When St. Gregory was elected pope, his first thought was to run away
Even though St. Gregory didn’t want to become pope, he is regarded as the prime example of a “good shepherd.”
Near the end of the 6th century, the Catholic Church needed a “good shepherd.” Many bishops and clergy were corrupt and Europe was divided following the collapse of the Roman Empire.
When Pope Pelagius II died from the plague, the people of Rome knew exactly who they wanted to be the next pope.
Gregory was well known for his simplicity and desire for solitude. He was the abbot of a local monastery and it flourished under his guidance, attracting all kinds of men who knew of his holiness.
At the age of 50 Gregory looked forward to a life of contemplation and spending the rest of his days in the quiet stillness of his cell.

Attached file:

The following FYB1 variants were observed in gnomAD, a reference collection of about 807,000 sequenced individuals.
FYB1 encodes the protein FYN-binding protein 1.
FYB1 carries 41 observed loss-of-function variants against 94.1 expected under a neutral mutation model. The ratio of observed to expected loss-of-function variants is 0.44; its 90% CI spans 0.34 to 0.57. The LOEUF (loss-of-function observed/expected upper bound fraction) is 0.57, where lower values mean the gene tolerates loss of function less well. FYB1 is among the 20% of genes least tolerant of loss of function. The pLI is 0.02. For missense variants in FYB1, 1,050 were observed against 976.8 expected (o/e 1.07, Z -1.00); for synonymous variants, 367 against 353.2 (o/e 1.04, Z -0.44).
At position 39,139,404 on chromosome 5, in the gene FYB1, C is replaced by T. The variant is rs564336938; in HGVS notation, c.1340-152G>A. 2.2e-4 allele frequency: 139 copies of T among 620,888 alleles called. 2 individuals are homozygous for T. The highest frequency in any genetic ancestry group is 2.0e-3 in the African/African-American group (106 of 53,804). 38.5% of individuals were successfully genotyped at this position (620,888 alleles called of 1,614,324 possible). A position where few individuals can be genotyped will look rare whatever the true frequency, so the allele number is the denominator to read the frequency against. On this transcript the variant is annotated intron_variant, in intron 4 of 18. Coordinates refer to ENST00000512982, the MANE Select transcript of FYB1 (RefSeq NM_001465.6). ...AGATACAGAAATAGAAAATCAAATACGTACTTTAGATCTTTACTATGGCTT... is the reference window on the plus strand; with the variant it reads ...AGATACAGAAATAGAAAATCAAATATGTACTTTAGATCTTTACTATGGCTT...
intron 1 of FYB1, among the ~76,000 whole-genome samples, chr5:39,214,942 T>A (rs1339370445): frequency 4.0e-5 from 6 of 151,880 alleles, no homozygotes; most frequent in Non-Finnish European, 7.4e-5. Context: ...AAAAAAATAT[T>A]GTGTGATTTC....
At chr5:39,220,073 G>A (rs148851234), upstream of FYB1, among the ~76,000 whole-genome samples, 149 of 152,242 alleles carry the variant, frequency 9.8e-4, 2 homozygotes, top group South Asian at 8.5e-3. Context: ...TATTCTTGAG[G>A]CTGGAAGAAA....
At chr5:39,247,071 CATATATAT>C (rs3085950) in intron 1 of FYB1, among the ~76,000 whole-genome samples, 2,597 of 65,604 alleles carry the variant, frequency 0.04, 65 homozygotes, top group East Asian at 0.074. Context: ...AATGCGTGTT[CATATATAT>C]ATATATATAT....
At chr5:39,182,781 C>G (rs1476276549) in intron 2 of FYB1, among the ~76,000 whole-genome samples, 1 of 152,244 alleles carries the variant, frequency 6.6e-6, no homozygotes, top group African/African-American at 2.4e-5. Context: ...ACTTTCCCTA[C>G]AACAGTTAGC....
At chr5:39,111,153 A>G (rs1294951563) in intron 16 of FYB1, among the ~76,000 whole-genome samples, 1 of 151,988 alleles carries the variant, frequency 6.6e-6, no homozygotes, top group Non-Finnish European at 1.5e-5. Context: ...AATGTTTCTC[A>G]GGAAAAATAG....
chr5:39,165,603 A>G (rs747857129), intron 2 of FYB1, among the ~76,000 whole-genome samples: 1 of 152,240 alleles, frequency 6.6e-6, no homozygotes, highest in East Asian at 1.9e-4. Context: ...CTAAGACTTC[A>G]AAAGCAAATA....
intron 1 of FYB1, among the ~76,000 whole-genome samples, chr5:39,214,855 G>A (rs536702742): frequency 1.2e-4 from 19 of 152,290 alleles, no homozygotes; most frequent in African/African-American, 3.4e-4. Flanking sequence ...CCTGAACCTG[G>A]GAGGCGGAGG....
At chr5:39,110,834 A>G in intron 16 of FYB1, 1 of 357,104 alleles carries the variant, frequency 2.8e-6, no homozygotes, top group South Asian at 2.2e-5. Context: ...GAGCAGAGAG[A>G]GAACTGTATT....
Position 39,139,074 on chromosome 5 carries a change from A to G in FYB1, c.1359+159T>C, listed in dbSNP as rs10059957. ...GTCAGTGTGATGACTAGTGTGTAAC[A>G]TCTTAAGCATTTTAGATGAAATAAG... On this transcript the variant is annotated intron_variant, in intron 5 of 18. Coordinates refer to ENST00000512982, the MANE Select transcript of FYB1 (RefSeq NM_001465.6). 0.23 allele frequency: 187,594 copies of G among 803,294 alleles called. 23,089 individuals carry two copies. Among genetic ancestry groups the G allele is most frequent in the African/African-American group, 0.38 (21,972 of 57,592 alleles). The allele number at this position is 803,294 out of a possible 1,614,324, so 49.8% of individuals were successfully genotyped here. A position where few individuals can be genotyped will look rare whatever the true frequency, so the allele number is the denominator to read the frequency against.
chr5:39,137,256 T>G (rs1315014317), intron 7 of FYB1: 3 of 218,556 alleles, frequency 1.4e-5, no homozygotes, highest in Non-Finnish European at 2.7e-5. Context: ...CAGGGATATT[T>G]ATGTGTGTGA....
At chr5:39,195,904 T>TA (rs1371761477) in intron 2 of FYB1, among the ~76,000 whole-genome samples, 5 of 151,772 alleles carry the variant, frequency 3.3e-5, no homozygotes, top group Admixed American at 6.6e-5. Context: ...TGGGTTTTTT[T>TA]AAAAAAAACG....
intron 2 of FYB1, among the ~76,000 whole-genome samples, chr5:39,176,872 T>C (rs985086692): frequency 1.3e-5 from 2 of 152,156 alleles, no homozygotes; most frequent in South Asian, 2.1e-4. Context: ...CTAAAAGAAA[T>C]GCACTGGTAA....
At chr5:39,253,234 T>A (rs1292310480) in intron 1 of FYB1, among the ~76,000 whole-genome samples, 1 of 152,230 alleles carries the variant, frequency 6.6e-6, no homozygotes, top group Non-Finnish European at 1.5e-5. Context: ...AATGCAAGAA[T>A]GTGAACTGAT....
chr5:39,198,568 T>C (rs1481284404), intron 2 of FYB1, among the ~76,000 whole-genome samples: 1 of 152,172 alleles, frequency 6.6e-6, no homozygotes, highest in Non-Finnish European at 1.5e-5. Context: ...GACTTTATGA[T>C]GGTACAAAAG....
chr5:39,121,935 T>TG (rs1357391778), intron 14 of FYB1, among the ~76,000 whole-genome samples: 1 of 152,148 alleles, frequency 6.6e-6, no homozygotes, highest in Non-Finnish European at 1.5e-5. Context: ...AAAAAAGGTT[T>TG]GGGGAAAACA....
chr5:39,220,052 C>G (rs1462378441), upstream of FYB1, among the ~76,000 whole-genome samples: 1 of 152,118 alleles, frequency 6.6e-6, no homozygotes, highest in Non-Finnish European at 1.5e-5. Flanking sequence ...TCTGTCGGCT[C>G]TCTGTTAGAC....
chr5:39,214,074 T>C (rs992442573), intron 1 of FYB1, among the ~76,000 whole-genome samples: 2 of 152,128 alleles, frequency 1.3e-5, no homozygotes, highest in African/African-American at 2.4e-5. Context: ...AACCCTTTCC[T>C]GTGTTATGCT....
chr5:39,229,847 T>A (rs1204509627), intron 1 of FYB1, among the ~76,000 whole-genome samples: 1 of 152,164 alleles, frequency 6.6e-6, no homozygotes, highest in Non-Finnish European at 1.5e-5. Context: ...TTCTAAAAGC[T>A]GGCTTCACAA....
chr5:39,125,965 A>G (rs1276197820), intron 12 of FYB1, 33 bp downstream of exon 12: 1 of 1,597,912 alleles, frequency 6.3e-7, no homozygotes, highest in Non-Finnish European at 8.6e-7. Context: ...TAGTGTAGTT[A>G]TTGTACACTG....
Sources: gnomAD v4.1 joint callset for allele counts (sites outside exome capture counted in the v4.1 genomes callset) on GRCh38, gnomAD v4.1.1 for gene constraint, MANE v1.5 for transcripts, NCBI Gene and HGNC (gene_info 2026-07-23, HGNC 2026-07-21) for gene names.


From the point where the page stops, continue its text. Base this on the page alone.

However, that dream came crashing down when the people and clergy of Rome came knocking on his door. They told him of their plan to elect him as pope and Gregory immediately
refused. He even wrote to the Emperor and pleaded with him, saying that he wouldn’t be installed as the next pope.
There is even one story (recalled in the Golden Legend) that illustrates his desire to flee from the office of the pope.
However, he eventually came to terms with the thought and accepted it in humble submission.
His life remains a perfect example of a bishop with the heart of a shepherd, who urges his sheep to not look at him, but at the true Shepherd who guides the flock.